Immigration News Update — Mid-December 2021

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Kuck Baxter earns significant victory in pending H1-B lawsuit!

Biden admin’s motion to dismiss KBI’s lawsuit challenging multiple registrations for single H1-B worker denied

In 2019, USCIS introduced the E-registration process that required sponsoring employees to file electronically for employees they wanted to sponsor through the H1-B process.  The E-registration allows for individuals to have a limitless number of registrations submitted on their behalf by multiple employers.  By registering multiple times through different employers, the person increases their odds of being selected to move on to the next step in the registration process that is limited by a numerical cap.  The lawsuit alleges that this has led to an “entire industry of so-called H-1B consultancies and phony employers who have exploited the flawed cap registration rules by charging prospective workers to file multiple registrations on their behalf” and refers to several other fraudulent practices that exist because of the way the government is managing the process. The Biden administration moved to dismiss the lawsuit.  That motion to dismiss was denied by the U.S. District Judge effectively signaling that the lawsuit is meritorious and is allowed to move forward.  Read more here:

Labor Dept. Implements Court Order Vacating Prevailing Wage Final Rule

The Department of Labor’s Employment and Training Administration (ETA) published a final rule, effective December 13, 2021, implementing a federal district court order vacating a controversial January 14, 2021, final rule that was initially promulgated in October 2020. The rule amended ETA regulations governing the prevailing wages for employment opportunities that U.S. employers seek to fill with foreign workers on a permanent or temporary basis through certain employment-based visas or through H-1B, H-1B1, or E-3 nonimmigrant visas.

The new final rule removes the regulatory text that DOL initially promulgated and restores the regulatory text to appear as it did before.


  • “Strengthening Wage Protections for the Temporary and Permanent Employment of Certain Immigrants and Non-Immigrants in the United States, Implementation of Vacatur,” 86 Fed. Reg. 70729 (Dec. 13, 2021),
USCIS Temporarily Waives 60-Day Rule for Civil Surgeon Signatures

U.S. Citizenship and Immigration Services (USCIS) is temporarily waiving, until September 30, 2022, the requirement that the civil surgeon sign Form I-693, Report of Medical Examination and Vaccination Record, no more than 60 days before an applicant files an application for the underlying immigration benefit (including Form I-485, Application to Register Permanent Residence or Adjust Status).

USCIS said this temporary waiver “will help applicants who have been affected by the COVID-19 pandemic and related processing delays, which have sometimes caused delays in completing the immigration medical examination.” The temporary waiver will benefit many applicants, USCIS noted, “including Afghan nationals evacuated under Operation Allies Welcome who have completed immigration medical examinations at government-run facilities but were not able to apply for adjustment of status within 60 days of the completed examination.”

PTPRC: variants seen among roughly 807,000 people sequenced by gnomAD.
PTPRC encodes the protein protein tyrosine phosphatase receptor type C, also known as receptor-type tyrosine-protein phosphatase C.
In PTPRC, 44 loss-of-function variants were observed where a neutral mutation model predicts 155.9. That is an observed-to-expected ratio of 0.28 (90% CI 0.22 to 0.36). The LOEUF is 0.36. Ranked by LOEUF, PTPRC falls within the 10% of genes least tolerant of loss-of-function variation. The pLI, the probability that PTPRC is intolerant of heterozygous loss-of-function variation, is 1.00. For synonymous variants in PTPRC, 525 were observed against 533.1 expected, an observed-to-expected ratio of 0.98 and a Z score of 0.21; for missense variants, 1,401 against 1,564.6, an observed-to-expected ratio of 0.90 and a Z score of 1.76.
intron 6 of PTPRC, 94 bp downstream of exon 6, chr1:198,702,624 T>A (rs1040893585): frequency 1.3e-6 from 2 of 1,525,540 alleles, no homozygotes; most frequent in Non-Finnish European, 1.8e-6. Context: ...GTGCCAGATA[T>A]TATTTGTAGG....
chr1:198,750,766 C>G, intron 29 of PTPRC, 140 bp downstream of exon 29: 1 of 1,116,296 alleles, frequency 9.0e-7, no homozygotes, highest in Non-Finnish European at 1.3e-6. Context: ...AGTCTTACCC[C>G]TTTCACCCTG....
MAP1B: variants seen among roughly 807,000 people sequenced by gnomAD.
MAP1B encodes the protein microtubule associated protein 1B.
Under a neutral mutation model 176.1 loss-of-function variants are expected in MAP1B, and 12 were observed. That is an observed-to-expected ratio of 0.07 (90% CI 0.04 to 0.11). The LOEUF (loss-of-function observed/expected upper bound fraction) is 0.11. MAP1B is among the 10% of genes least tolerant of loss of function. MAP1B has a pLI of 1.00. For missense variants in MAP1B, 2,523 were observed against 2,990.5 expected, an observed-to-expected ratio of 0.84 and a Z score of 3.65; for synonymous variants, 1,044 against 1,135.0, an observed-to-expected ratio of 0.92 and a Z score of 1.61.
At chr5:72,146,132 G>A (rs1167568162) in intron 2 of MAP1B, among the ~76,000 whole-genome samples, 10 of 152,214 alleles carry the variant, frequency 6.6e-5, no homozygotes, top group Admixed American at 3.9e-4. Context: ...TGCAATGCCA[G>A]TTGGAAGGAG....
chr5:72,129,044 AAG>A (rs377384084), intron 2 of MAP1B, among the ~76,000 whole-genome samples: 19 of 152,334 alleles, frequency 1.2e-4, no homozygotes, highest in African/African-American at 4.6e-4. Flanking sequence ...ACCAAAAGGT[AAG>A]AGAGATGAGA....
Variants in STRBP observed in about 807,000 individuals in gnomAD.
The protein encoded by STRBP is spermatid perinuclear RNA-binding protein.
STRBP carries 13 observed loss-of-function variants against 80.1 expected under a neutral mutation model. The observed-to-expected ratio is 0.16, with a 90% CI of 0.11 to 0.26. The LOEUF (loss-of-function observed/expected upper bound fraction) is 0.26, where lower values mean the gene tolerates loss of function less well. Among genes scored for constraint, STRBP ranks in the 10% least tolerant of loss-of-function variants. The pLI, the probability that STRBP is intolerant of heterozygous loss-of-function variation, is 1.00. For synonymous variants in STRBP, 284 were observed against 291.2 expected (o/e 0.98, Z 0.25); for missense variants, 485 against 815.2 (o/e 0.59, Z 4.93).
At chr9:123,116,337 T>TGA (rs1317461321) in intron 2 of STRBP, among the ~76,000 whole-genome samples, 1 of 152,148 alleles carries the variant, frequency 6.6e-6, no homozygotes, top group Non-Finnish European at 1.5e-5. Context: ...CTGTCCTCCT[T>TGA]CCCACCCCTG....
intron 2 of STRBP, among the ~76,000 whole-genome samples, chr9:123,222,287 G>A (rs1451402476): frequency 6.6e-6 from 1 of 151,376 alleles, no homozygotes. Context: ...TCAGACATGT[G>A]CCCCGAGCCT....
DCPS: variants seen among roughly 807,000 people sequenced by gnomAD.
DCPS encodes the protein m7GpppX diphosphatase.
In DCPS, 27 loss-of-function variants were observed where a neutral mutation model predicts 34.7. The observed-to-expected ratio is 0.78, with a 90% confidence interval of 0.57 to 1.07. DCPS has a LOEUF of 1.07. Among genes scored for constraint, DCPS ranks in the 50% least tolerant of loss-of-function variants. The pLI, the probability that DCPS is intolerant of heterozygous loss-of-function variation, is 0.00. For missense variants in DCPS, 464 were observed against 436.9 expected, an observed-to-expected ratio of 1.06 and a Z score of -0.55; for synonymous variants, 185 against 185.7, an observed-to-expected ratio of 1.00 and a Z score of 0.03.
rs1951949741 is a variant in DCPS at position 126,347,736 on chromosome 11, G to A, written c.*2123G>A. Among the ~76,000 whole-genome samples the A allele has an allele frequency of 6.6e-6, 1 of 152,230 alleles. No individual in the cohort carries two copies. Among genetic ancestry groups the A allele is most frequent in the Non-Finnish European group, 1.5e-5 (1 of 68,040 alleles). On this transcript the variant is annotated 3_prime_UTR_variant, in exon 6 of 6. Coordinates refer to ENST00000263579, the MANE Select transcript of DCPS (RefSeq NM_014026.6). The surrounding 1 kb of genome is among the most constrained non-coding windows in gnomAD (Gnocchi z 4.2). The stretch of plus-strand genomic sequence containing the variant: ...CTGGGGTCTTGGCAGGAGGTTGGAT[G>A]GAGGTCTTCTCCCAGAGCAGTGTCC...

Labor Dept. Provides Guidance on Employers’ H-2B Visa Program Overtime Pay Obligations

The Department of Labor’s Wage and Hour Division (WHD) disseminated a field assistance bulletin on December 7, 2021, providing enforcement guidance on employers’ overtime obligations related to the H-2B visa program.

Among other things, the bulletin notes that the H-2B visa program does not mandate the payment of an overtime premium for hours worked exceeding a certain number in the day, week, or pay period. However, employers participating in the H-2B visa program are required by the Fair Labor Standards Act (FLSA) to pay an overtime premium of not less than one and one-half times the worker’s regular rate of pay for hours worked exceeding 40 hours in a workweek. There are exemptions from the overtime requirements, WHD noted, but these exemptions do not usually apply to industries represented in the H-2B visa program. An employer who is employing workers who are exempt from the FLSA overtime requirements must still comply with any state or local laws requiring overtime pay, WHD said.


USCIS Extends Transitional Parole for Certain CNMI Long-Term Resident Status Applicants

U.S. Citizenship and Immigration Services (USCIS) announced on December 8, 2021, that it will automatically extend parole and employment authorization, if applicable, to current parolees who timely applied for Commonwealth of the Northern Mariana Islands (CNMI) long-term resident status and whose applications remain pending on December 30, 2021.

Parole will be extended without interruption through June 30, 2022, or the date on which USCIS makes a final decision on their Forms I-955, Application for CNMI Long-Term Resident Status, and I-765, Application for Employment Authorization, whichever is earlier.



E-Verify Consolidates User Profile Screen

On December 7, 2021, E-Verify notified users via email that they can now view and complete several actions from a consolidated user profile screen, which “allows users to view all of their account information quickly and easily, without having to navigate to multiple pages.”

The consolidated elements include user profile information, updating/changing a password, and updating/changing password challenge questions and answers.

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